Cranford trains residents to treat opioid overdoses

Photo by Chuck O’Donnell
Rashema Saunders and her medical mannequin, Barry, demonstrate how to administer Narcan, the opioid-antidote drug naloxone, during a training session at the Cranford Community Center on Jan. 17.

CRANFORD, NJ — Barry wouldn’t move.
He wasn’t responding when his name was called and rescue breathing failed to resuscitate him.
Rahsema Saunders feared he was having an opioid overdose, so she called emergency services. Then, she quickly grabbed a 4-milligram dose of Narcan, opened the package, put the nozzle into one of Barry’s nostrils, pushed the plunger and waited for him to start breathing again.

Barry was fine. The medical mannequin was being used by Saunders, a nurse with JSA Health, to demonstrate how to administer Narcan, a brand name for the drug naloxone, which treats opioid overdose.

The training session at the Cranford Community Center was part of the “Union County Fights Back Against the Opioid Crisis” program sponsored by the Union County Opioid Task Force and Prevention Links, a Roselle-based nonprofit organization that addresses the abuse of drugs, alcohol, tobacco and related issues.

Approximately 20 residents attended the free Jan. 17 training session to learn how to administer Narcan, which knocks opioids such as Vicodin, Oxycontin, Percocet and Dilaudid off brain receptors and allows the victim to begin breathing again, Saunders said.

Each resident in attendance was given a free kit with a 4-milligram dose of Narcan, just enough to possibly save someone’s life.
“The goal of this training is much like CPR training for the public — the more people trained, the more chances we all collectively have in saving a life,” Cranford Police Chief Ryan Greco said in a press release earlier this month.

Opioid addiction and overdoses have increased sharply across the country during the past several years.
According the Cranford Police Department, first responders deployed Narcan 30 times last year, up from 17 times in 2017. There were three opioid overdose deaths in 2018.

And according to the Union County Prosecutor’s Office, police across the county administered Narcan 307 times in 2018.
In 2018, police used Narcan in Linden 66 times; in Union, 65; Elizabeth, 25; and Plainfield, 17. In Mountainside and New Providence Narcan was used once and Fanwood police didn’t use it at all.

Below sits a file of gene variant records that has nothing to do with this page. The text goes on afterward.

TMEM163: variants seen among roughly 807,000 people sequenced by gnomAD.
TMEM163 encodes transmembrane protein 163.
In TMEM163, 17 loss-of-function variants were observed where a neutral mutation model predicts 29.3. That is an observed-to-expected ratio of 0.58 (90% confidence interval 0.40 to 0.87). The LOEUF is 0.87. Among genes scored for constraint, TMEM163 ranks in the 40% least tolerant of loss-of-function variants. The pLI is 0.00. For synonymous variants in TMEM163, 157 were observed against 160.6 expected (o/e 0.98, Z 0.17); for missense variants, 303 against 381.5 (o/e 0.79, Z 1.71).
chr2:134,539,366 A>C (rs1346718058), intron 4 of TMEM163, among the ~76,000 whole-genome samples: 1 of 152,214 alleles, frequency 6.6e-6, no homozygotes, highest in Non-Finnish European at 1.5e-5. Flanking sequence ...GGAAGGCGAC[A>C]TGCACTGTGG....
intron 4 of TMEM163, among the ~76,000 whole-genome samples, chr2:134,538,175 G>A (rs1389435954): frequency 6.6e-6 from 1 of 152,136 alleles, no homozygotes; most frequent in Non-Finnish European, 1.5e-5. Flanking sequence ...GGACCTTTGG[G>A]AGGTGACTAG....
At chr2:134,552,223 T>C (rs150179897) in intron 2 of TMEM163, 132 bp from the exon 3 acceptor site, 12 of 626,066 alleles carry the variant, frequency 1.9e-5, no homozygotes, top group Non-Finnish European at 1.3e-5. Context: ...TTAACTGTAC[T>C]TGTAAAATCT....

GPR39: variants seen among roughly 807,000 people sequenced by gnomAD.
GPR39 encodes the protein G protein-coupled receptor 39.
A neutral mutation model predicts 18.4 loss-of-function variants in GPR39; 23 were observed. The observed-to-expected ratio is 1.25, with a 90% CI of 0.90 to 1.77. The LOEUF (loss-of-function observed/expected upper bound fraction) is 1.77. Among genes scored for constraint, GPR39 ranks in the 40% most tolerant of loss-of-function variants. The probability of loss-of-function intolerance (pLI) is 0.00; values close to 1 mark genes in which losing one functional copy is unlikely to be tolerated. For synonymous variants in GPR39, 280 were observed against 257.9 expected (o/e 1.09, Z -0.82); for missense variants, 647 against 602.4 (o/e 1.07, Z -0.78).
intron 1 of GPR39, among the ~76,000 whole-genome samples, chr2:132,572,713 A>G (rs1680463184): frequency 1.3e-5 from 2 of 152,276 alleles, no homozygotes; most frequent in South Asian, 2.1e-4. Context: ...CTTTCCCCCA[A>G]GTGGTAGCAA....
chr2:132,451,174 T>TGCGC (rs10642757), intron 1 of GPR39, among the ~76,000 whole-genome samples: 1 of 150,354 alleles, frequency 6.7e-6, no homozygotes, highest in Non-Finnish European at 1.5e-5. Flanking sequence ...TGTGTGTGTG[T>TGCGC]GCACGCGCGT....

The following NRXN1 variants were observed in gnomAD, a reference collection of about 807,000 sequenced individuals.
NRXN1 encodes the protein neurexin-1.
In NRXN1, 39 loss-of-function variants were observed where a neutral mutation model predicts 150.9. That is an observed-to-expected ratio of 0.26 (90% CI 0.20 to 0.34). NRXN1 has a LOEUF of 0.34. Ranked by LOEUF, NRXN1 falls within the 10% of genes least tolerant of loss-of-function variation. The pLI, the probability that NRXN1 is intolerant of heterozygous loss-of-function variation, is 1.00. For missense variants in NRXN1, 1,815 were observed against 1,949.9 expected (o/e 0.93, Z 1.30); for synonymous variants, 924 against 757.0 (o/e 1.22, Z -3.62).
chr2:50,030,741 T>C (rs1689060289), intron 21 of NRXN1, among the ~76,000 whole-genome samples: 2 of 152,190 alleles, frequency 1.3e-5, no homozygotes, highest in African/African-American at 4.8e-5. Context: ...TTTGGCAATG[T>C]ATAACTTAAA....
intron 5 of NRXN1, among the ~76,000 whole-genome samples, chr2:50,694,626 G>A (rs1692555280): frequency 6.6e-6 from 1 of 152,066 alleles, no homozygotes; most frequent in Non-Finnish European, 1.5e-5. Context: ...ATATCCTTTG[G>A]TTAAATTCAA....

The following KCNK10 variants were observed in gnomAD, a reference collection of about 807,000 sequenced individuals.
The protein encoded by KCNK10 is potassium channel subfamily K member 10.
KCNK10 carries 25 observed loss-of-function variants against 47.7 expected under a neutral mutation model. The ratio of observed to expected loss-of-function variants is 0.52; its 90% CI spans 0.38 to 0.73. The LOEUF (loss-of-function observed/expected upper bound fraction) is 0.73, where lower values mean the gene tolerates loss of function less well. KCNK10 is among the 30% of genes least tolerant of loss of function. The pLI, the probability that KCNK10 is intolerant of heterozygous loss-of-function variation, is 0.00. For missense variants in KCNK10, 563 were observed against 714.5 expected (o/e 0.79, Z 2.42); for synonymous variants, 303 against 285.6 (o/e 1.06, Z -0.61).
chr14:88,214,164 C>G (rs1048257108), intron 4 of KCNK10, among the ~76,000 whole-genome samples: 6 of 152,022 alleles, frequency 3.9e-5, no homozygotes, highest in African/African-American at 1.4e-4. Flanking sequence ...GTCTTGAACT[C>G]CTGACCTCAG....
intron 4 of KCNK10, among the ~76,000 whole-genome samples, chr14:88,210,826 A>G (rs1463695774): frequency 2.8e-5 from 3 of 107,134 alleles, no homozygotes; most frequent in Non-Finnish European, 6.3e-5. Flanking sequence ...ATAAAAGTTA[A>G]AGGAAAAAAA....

Greco said the statistics underscore why it’s important for people to attend a training session like the one at the Community Center.
According to Saunders, Narcan can be administered even if you are unsure the victim has overdosed on opioids because it has no harmful effects.

“Let’s say this person did cocaine and had a heart attack, and they were using heroin as well. The Narcan is going to target the heroin, it’s not going to negatively or positively affect the heart attack or the cocaine. If you are in doubt and you don’t know exactly what this person has taken, still give them the Narcan because you can’t harm them just by giving them Narcan,” she said.

Those attending the Jan. 17 training session were male and female, both young and old, and all united by the desire to learn how to administer a drug that could save someone’s life.

“I said, ‘You know what? Better to have the knowledge than not to have the knowledge,’” attendee David Salomon said.
When it was suggested that opioid use will one day soon affect everyone directly or indirectly, Salomon said it already had touched his life.
“But,” he said, “that did not provoke me. It was preventative. I always look to the future and try to be as prepared as possible. I work in the Tri-State Area and I’m in all different environments, from the top to the bottom. In that role, I want to always be able to help somebody in the event someone needs it.”

Free Narcan training sessions are planned for Springfield, Rahway, Scotch Plains, Elizabeth, Roselle, Summit and Plainfield.
Greco said it is important for residents to learn how to administer Narcan.

“Any loss of life in the township of Cranford is tragic, and especially the loss of life due to the national opioid crisis we are exposed to,” he said. “Education, outreach, prevention and awareness are the only means to effectively reduce the frequency of these incidents. We as a community need to help break down the social stigma associated with opioid addiction.”

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